Sermon - Funeral Scenario

Be Still In the Darkness, Children of the Light

To make perfectly clear, this is a fictional scenario given to me in preaching class, in order to practice the struggle of preparing and preaching a difficult funeral sermon. However, this scenario is all too often a reality for many schools and church youth programs. My prayers for anyone who has suffered this type of loss in their life.

The Scenario: Drunk Driving

About 1:00 AM Saturday morning, you receive a call from a distraught mother in your congregation. She just received word that her 18-year old and 15-year old daughters were involved in a car accident, along with a 21-year old friend. They had been coming home after a football game when they decided to stop by a liquor store across the county line to get some beer and liquor. In spite of the protests of the younger daughter, the 21-year old friend got the alcohol, then the 21-year old and 18-year old began to drink. The 18-year old insisted on driving; she was impaired from the alcohol. It was a single car accident, killing the 18-year old, critically injuring the 21-year old. The 15- year old is still in the hospital, but expected to be released in the day. All three were members of your parish; the girls were active and popular in the church youth group; the 21-year old was a college student home on the weekend. The 15-year old will be at the funeral.

Victims:

  • Susanne - 21 yrs old

  • Courtney - 18 yr old (deceased) 

  • Ashley - 15 yr old

Where can I go from your spirit?
Or where can I flee from your presence?
If I ascend to heaven, you are there;
if I make my bed in Sheol, you are there.
If I take the wings of the morning
and settle at the farthest limits of the sea,
even there your hand shall lead me,
and your right hand shall hold me fast.
If I say, “Surely the darkness shall cover me,
and the light around me become night,”
even the darkness is not dark to you;
the night is as bright as the day,
for darkness is as light to you.
— Psalms 139:7-12

Starting Image: Be Still / Darkness and Light

The scenario description starts by stating that I receive a distraught call from a mother in my congregation. I can’t image the panic a parent must experience when your children are out with friends, they miss curfew, and the phone rings early in the morning. To confront the feelings of being distraught and panicked, the image of being still came to me. While Psalms 46:10 is a great verse, “Be still and know that I am God,” the entire psalm is not appropriate for a funeral setting.

When looking for other verses, I connected with the image of darkness and light in Psalm 139. Courtney got into the accident in the darkness of night and was taken up into the eternal light of God. The people at the funeral are in the “shadow of death,” seeking a path of hope to return to the light. The Word is a “lamp to our feet and a light to our path.” For those not ready to seek the light of hope, there is comfort to be had in knowing that they do not need to seek God, God is present in the darkness, because it is not dark to God.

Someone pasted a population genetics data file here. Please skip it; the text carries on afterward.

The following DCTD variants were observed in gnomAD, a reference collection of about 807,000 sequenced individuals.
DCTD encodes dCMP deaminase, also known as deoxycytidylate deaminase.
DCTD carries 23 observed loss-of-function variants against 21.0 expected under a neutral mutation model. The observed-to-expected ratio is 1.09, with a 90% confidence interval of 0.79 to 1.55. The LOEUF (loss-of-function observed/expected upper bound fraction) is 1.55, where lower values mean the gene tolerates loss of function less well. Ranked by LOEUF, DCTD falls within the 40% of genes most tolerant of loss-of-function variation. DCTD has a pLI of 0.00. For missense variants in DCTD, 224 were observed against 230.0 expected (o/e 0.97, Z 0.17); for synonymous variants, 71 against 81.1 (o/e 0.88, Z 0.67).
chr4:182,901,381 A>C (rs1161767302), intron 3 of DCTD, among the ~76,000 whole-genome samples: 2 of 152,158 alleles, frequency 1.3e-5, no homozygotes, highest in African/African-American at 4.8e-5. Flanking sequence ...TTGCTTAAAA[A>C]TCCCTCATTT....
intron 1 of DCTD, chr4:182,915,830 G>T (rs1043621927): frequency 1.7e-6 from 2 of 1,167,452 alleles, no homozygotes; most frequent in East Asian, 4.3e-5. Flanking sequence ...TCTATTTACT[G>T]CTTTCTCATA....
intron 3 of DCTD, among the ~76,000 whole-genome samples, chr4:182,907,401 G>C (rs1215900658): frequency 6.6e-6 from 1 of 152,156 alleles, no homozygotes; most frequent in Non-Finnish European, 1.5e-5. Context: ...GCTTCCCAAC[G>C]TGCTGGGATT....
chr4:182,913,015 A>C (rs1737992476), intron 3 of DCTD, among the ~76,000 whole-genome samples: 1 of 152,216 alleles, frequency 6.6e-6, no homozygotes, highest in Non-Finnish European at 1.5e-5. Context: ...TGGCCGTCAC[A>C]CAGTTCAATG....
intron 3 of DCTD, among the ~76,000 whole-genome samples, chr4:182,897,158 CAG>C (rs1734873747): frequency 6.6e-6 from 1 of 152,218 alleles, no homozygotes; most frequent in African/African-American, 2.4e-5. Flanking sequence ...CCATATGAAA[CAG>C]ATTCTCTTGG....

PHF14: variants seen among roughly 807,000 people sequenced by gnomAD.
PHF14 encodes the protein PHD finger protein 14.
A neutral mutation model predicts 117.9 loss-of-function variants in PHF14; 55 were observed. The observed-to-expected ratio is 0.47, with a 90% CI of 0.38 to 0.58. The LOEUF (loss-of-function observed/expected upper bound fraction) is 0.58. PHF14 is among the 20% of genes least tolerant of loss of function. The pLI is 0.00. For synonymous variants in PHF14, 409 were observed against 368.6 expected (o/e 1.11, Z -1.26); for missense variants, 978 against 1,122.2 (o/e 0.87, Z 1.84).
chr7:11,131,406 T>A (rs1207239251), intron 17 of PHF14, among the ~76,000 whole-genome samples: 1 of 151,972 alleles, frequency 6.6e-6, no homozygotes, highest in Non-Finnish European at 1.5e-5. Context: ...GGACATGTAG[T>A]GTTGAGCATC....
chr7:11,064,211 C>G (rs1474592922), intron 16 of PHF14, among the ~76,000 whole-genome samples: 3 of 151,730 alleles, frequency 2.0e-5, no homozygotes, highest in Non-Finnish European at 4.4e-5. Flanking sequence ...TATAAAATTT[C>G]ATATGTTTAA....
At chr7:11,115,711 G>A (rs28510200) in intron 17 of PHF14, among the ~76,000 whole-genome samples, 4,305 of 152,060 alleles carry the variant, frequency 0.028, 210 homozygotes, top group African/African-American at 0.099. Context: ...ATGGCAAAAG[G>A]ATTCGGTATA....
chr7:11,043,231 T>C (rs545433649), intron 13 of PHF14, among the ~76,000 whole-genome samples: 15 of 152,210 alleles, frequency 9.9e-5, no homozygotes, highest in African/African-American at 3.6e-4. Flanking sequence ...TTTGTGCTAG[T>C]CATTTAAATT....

Exegeting the Congregation: Family and Teenage Friends

I feel strongly that in my sermon I need to address the issue of drinking and driving. For the sake of the young people in attendance and the community as a whole, we must see this tragedy as a preventable event. To not address it or gloss over it would given a sense of condoning the behavior. However, addressing the drinking and driving as the cause of the death, puts blame on the deceased, which may be difficult for everyone, especially the family.

In my pastoral care, I would discuss this sermon with the parents before. I would explain my thought process and intention. I do not want it to come across with the mistaken message that God caused Courtney’s death as a punishment, or that Courtney’s purpose in life was to teach us a lesson in her death. Rather, I think that in her death, we can be reminded of a lesson we all already know. Many parents use the tragedy of their children’s death to help spread awareness, so other families do not have to face the same suffering. With the number of teenage friends who will be at the funeral, I believe that her parents would agree that addressing the issue is needed in hope of preventing this type of tragedy in our community, again. 

In sharing this message, there needs to be sensitivity. The teaching moment must be supported in Scripture and cannot: Take up too much of the sermon time, shame either the survivors or the deceased, or be used to define who the deceased was as a person.

Preaching Style: Pulpit with Manuscript

My decision to write and use a manuscript was intentional. I believe a funeral sermon, more than any other type of sermon, has a “right” and “wrong” way to say and express the message. The words I have chosen have purpose, and while a Sunday sermon can have a brain fart or hiccup, a funeral sermon cannot. Having known Courtney, there is also the possibility for stronger emotion. If I become overwhelmed, it is wise to have a script to get me back on track.

Closing Prayer in a Song: Be Still